At Cora Refining we collect and refine precious metal from dental scraps for many businesses throughout the United States and Canada. By following these few steps you can help to ensure that your office optimizes the potential profits from dental scrap metal. These steps will help to increase efficiency, decrease waste, and increase your revenue overall.
1. Create a routine:
Create an efficient system for collecting dental scrap metal. Don’t be haphazard or passive about the process, letting any employee vacuum one day, empty the bag the next, another person to collect and submit the accumulated scrap whenever enough seems amassed, etc. See if you can systemize when grinds, castings, etc. are collected: daily at 1pm or every Monday or each Tuesday/Thursday, for example, whatever works for your business—but they key is to organize the process.
2. Make one person responsible:
By creating a system in which one person is responsible for the collection and submission of precious metal dental scrap you lessen the opportunity for things to get lost along the way. This will also allow for a more organized, streamlined process, making it simpler and easier for your employees to process.
3. Review your numbers:
Review your scrap metal within a set period of time- say three months from January to March. Then compare this number to the amount of new metal purchased within this time period. Consider this your scrap-to-alloy ratio. The industry recommendation is about 15 to 18 percent of scrap returned per ounce compared to the ounces purchased.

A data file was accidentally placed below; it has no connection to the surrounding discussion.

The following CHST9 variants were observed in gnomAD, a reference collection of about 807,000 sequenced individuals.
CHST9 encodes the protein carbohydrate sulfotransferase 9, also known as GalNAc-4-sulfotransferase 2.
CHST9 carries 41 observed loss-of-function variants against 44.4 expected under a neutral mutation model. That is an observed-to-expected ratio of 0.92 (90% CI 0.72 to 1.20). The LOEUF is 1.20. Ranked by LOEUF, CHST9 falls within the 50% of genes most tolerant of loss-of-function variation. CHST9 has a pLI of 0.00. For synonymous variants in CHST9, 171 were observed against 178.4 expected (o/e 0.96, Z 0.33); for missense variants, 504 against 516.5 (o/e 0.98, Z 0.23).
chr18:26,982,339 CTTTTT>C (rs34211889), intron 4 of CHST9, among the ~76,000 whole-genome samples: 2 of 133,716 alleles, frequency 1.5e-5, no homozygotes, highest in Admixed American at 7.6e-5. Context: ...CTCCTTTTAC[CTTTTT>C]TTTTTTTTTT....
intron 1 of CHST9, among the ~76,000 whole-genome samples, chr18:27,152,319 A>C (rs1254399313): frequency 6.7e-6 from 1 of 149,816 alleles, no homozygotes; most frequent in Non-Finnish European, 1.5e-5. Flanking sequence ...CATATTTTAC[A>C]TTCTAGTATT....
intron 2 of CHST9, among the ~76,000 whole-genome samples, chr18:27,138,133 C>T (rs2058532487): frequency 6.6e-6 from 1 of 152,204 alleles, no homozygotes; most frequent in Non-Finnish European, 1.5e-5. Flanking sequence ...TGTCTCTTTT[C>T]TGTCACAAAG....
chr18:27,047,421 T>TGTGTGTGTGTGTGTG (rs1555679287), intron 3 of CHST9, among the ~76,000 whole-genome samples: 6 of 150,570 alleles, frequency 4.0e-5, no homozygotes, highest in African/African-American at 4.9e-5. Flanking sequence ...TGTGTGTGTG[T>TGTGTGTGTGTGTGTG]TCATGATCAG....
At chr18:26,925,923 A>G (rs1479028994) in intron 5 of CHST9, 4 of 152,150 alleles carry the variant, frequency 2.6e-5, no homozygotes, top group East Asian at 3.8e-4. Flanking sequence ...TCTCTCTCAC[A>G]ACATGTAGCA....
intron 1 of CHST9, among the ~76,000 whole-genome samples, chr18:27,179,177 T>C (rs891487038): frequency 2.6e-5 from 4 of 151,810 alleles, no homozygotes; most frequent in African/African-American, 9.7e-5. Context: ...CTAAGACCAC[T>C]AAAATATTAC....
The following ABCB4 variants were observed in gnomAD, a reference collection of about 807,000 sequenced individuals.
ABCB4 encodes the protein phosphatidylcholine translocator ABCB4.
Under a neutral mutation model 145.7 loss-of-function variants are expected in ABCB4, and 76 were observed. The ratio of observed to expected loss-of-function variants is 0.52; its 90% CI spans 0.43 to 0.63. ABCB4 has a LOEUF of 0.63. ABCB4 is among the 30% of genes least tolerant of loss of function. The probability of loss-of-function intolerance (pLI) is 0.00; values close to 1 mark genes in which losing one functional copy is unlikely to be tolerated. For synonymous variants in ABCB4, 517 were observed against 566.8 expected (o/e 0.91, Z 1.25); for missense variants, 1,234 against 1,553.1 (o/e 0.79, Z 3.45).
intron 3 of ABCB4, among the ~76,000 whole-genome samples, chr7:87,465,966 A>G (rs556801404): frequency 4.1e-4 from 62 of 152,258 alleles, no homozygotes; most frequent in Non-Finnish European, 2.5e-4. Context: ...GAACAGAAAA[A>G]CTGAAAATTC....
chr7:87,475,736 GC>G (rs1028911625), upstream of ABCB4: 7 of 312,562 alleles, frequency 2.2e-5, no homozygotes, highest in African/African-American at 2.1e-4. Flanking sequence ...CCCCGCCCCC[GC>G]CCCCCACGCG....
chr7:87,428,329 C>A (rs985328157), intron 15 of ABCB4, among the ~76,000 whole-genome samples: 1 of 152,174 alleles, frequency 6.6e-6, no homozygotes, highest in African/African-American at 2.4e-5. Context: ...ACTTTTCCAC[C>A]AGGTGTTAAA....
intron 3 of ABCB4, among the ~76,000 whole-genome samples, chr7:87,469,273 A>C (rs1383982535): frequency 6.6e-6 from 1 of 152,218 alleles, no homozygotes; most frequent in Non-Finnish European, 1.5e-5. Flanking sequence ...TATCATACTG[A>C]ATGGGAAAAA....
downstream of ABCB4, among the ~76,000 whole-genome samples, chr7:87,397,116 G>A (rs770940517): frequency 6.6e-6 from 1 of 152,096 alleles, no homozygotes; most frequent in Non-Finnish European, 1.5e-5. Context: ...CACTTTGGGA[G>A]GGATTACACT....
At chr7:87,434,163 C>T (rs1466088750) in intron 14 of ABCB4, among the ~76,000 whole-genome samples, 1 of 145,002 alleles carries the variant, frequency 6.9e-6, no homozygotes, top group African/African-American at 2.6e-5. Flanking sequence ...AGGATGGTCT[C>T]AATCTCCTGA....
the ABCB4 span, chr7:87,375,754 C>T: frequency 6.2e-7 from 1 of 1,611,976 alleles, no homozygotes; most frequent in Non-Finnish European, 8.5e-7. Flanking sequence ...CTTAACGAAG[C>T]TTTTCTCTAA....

If your ratio is lower than that consider changing how you collect your scrap. In order to get an accurate reading of the numbers, compile three separate data collections: January-March as one, April-June, and July-September (for example). Then you can compare the individual ratios, perhaps January-March saw a 15% return but April-June saw only a 10% return and July-September was 16%. It could then be assumed that something was significantly different within the April-June time frame that skewed the results negatively and potentially cost your office money. Perhaps someone different was in charge of collecting? Was the manager out on vacation? Was a new carpet put in but the old one not cleaned out properly? Analyzing your numbers will help you solve a multitude of potential problems through a relatively simple process.